Why are the rates charged by Singapore’s Electronic Road Pricing scheme (ERP) so low? Why aren’t they three or four times higher? This was the intriguing question posed (but not fully answered) by Christopher Tan, the Straits Times’ motoring correspondent in his op-ed 30 April 2012 (Time to rethink COE system?).
It was a thought-provoking article with some interesting numbers. For example, he wrote:
Hong Kong has 59 cars per 1,000 residents – half of Singapore’s 117. Taipei has 250 cars per 1,000 residents, but the annual mileage of cars there is half that of those here. Ditto Tokyo.
New York is another example. The Big Apple is one of the wealthiest cities in the US, but its car ownership rate is among the lowest (230 per 1,000 residents).
These cities share a common denominator: a superior rail network and limited parking facilities. In the case of New York’s Manhattan, 60 per cent of work trips are made by public transport. In Hong Kong, the figure is 90 per cent.
I don’t know what the latest figure for Singapore is, but a few years ago, then-transport minister Raymond Lim said only 59 percent of trips to work in 2008 were made on public transport.
A transport survey in Singapore has shown that the public transport share has shrunk.
The survey of some 10,500 households revealed that despite efforts by the authorities to get more people on buses and trains, challenges still remain.
Singapore aims to boost the usage of public transport among its population to 70 per cent by 2020.
But the Household Interview Travel Survey on some 10,500 households revealed that the target is now harder to achieve.
The survey found that 59 per cent of respondents used public transport last year, down from 63 per cent in 2004.
During the same period, the number of daily public transport journeys went up by 16 per cent as Singapore’s population grew.
The number of car journeys increased by 31 per cent as the car population also grew.
The Land Transport Authority (LTA) explained that this behaviour could be due to a lack of major infrastructural improvements in public transport during that period.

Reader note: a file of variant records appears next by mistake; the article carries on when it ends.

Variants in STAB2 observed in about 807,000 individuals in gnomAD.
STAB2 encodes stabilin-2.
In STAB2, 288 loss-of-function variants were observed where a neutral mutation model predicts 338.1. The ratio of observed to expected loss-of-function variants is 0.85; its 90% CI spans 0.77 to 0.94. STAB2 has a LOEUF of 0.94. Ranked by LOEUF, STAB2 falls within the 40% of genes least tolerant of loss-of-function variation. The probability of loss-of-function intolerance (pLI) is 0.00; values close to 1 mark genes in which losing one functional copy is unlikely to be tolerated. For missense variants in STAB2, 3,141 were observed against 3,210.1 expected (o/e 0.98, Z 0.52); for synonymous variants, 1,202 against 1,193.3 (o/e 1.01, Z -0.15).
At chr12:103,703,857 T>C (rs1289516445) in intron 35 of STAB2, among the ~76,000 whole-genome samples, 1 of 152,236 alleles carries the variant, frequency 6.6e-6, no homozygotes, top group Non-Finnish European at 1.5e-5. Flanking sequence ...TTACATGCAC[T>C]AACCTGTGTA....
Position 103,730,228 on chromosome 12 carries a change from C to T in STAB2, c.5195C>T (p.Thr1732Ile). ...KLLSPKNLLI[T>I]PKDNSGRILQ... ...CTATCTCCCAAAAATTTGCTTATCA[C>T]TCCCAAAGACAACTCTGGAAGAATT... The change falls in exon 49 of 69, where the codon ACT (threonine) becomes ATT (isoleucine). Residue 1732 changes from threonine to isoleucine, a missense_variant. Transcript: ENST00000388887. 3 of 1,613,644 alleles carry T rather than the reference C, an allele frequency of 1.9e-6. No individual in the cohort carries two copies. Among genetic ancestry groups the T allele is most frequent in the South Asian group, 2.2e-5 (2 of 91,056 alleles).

— Channel NewsAsia, 26 October 2009, Drop in public transport share in Singapore: transport survey, by Hetty Musfirah Abdul Khamid. Link.
So, it seems that in Singapore, car ownership is still high relative to Hong Kong, which is also a city-state (though lower than in cities with hinterlands, such as Taipei, Tokyo and New York), but car use is higher than in Taipei and even in New York.
We are not supposed to be in this situation. Our auction system for Certificates of Entitlement (COE), pieces of paper that entitle holders to buy cars, and our ERP road pricing scheme that charges for use of roads have been touted as brilliant innovations to control car population and road congestion, whilst applying market principles.
Yet, the facts suggest they are not working, with vehicle ownership twice the level in Hong Kong despite COE prices rising to cross $90,000 and car use remaining high despite ERP.
“Back in 2007,” reported Benson Ang in the New Paper (24 April 2012), “the premium for an open COE, which can be used to buy any vehicle type, went only as high as $19,500.”
In his report, he quoted the general manager of Tan Chong Motors, Ron Lim, as saying COE prices will likely breach the $100,000 mark “probably before August this year, maybe as early as late June.”
Yet, people are still bidding for COEs and buying cars. Despite ERP, people are still driving — and more so than in other comparable cities.
Meanwhile, the lesser half of Singaporeans on public transport complain about congestion, long waiting times, unreliability and poor network connectivity.
Why are our car population and car use not much lower than in those other cities? This was the question Christopher Tan posed. He explained:
None of them has a quota system, or even high taxes on cars. They rely instead on letting the motorist bear the brunt of driving: jams and the frustration of not being able to find parking.
— Straits Times, 30 April 2012, Time to rethink COE system? by Christopher Tan
There is another way to formulate the above statement: The financial costs imposed in Singapore on vehicle ownership and use are not equivalent to the cost from being stuck in traffic jams and lack of parking spaces. Our costs are too low. That is why the deterrent effect is much weaker in Singapore than in those cities.
Some readers may find the above statement hard to absorb. COEs at $90,000 are too cheap? The answer may well be Yes from the fact that there is still healthy demand. This only shows how well-off certain sections of our population are.